John Doe lived alone on a farm in South Dakota. He executed a document entirely in his own handwriting purporting to dispose of his property upon his death. He died a few months later. 

The decedent’s sister searched his home and bank boxes thoroughly after his death but could find no will. She, the sheriff, and others went through the papers of the deceased in his home. Some were destroyed. Others were piled into boxes and stored in a rented barn near the home of a niece. 

The niece found a holographic will entirely in the testator’s handwriting that left his entire estate to his church. 

This will was submitted to the local probate court. All of the witnesses testified that the decedent’s home was a mess with important documents as well as worthless scraps of paper piled around the house without any system or order.  

In the light of these facts the court ruled that the holographic will would not be probated.

The church appealed, challenging the order of the probate court. The court reversed the ruling of the probate court and ordered the will to be probated.

In re Estate of May, 220 N.W.2D 388 (S.D. App. 1974). 

CASE 6: Church sues daughter 

A woman (Jane Doe) had been a teacher for many years and had amassed an estate of several million dollars. 

She was a long time member of a Baptist church in her community. 

However, she eventually joined a Presbyterian church, and attended services regularly until a broken hip reduced her mobility. She executed an estate plan in 1995 that left $1.5 million to her church. However, shortly before her death, Jane Doe gave one of her two daughters a holographic will that left everything to this daughter and nothing to the church. 

As this legal development from 2007 explains, “undue influence” is sometimes used to challenge the validity of a will.

The church appealed, claiming that the holographic will and its $1.5 million distribution to the daughter were invalid. The appeals court denied the church’s’s petition to invalidate the holographic will.

The church appealed, challenging the order of the probate court. The court reversed the ruling of the probate court and ordered the will to be probated.

Burson v. Presbyterian Church, 2002 WL 498054 (Cal App. 2002). 

CASE 7: Everything to the Church

A woman’s holographic will stated that she “wanted to give my money to the Mother Church in Boston Massachusetts as it has been a great help to me.” 

The church submitted the will to the probate court, but this was opposed by the decedent’s heirs, who claimed that the will was not in proper form and that the decedent’s entire estate should be distributed to them.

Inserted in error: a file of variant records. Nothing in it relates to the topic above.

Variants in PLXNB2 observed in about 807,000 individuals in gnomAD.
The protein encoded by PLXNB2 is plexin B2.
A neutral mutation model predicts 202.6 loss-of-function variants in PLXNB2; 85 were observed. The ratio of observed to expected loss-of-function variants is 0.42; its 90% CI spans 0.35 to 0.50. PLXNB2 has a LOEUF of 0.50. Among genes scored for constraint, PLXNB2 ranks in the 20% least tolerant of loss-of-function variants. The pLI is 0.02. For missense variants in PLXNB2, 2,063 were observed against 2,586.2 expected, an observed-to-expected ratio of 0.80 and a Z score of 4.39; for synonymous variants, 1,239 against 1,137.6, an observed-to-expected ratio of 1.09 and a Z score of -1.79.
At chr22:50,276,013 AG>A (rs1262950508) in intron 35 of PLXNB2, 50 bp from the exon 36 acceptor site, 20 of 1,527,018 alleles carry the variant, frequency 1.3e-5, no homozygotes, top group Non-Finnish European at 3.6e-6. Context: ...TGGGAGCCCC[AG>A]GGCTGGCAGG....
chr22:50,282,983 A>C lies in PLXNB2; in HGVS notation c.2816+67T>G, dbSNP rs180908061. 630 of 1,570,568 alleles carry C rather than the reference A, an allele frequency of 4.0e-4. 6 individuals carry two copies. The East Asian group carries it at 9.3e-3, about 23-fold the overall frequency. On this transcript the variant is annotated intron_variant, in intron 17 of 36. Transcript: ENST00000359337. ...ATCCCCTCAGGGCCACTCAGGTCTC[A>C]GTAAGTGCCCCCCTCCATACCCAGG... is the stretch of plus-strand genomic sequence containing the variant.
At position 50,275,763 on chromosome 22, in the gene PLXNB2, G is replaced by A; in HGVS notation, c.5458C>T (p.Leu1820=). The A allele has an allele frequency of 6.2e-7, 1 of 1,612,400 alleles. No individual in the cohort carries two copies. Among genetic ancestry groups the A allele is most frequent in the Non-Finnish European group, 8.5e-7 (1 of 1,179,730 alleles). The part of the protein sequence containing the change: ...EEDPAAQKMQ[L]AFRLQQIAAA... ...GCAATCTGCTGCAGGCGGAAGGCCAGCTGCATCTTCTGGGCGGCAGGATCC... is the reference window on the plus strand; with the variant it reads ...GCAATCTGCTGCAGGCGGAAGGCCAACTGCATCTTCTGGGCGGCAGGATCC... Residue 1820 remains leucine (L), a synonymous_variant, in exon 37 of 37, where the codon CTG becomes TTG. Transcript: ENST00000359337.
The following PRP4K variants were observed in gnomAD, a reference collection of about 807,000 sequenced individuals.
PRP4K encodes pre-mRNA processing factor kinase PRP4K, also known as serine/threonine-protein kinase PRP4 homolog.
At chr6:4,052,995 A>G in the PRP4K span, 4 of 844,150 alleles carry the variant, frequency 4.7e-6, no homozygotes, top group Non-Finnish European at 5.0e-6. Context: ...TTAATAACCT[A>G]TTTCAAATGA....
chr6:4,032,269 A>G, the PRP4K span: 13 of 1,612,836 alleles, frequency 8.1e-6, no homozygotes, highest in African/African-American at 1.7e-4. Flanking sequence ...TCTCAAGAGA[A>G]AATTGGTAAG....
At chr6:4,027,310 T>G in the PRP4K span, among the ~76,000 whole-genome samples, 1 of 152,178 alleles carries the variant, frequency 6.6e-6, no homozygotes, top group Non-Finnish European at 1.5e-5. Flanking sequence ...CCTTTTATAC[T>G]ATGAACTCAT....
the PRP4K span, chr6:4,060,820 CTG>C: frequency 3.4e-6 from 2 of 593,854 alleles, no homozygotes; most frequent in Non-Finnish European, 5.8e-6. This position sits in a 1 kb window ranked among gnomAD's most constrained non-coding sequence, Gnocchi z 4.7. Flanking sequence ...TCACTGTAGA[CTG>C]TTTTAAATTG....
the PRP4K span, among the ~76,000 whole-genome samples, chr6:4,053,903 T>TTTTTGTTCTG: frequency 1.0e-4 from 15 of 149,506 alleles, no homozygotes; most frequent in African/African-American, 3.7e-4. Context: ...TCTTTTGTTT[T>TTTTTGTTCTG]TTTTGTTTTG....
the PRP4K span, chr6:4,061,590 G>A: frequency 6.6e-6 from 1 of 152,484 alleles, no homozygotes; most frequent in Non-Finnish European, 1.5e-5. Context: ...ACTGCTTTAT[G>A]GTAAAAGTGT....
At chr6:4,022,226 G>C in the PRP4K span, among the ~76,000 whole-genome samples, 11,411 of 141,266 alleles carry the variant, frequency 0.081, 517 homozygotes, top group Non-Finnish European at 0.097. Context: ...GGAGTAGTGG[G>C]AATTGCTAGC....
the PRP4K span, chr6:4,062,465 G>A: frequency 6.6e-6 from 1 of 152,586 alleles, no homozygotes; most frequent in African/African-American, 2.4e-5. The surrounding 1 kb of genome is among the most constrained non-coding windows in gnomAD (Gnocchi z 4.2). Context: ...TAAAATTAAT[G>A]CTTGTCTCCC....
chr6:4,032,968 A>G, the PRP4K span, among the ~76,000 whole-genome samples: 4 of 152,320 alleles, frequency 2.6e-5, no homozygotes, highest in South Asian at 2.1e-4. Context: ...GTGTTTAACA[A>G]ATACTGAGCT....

The court concluded:

“It is considered by the Clerk that the said will has been duly and fully proved and the same is ordered admitted to probate and recorded as the true last will and testament of [the decedent] in due form.” 

First Church of Christ, Scientist v. Hutchings, 163 S.E.2d 178 (Va. 1968).

Why many states recognize holographic wills

Holographic wills are recognized in the majority of states, with some variations, meaning they are widely recognized in the United States.

According to one court, holographic wills allows people who are unable or unwilling to hire an attorney to make a valid will in their own handwriting. (In re Estate of Teubert, 298 S.E.2d 456 (W. Va. 1982).) 

In many, if not most, cases, the person drafting a holographic will is attempting to avoid legal fees. But legal fees are a small price to pay to ensure that a will is drafted properly and will withstand legal challenge. Holographic wills often lead to ambiguities since the testator has no legal training or experience in drafting such documents.

Don’t google it

The plethora of legal forms available online makes it tempting to create one’s own will.

But doing so can create unforeseen problems:

  • The will may not be properly executed according to state law, making the purported will invalid and unenforceable. Of course, an attorney will be familiar with the requirements and will ensure that the document is properly executed.
  • Using forms copied from an online source can be dangerous.
  • To illustrate, in one case, a Florida church used an internet-generated contract but failed to notice that it contained a “venue” clause requiring all disputes to be litigated in California. A court confirmed the legality of the venue clause, meaning that the church’s pastor and attorney had to travel to California for depositions, conferences, hearings, and trial, all at considerable expense to the church. 

As the cases summarized above illustrate, holographic wills often prompt immediate legal challenge, embroiling the parties in costly and protracted litigation with no certain result. 

Another problem with holographic wills is that they often are discovered months or even years following the death of a testator, making it difficult to determine inevitable questions of priority involving multiple wills.

For all of these reasons, church leaders should discourage members from using holographic wills, even if legally valid under state law.

Richard R. Hammar is an attorney, CPA and author specializing in legal and tax issues for churches and clergy.

This content is designed to provide accurate and authoritative information in regard to the subject matter covered. It is sold with the understanding that the publisher is not engaged in rendering legal, accounting, or other professional service. If legal advice or other expert assistance is required, the services of a competent professional person should be sought. "From a Declaration of Principles jointly adopted by a Committee of the American Bar Association and a Committee of Publishers and Associations." Due to the nature of the U.S. legal system, laws and regulations constantly change. The editors encourage readers to carefully search the site for all content related to the topic of interest and consult qualified local counsel to verify the status of specific statutes, laws, regulations, and precedential court holdings.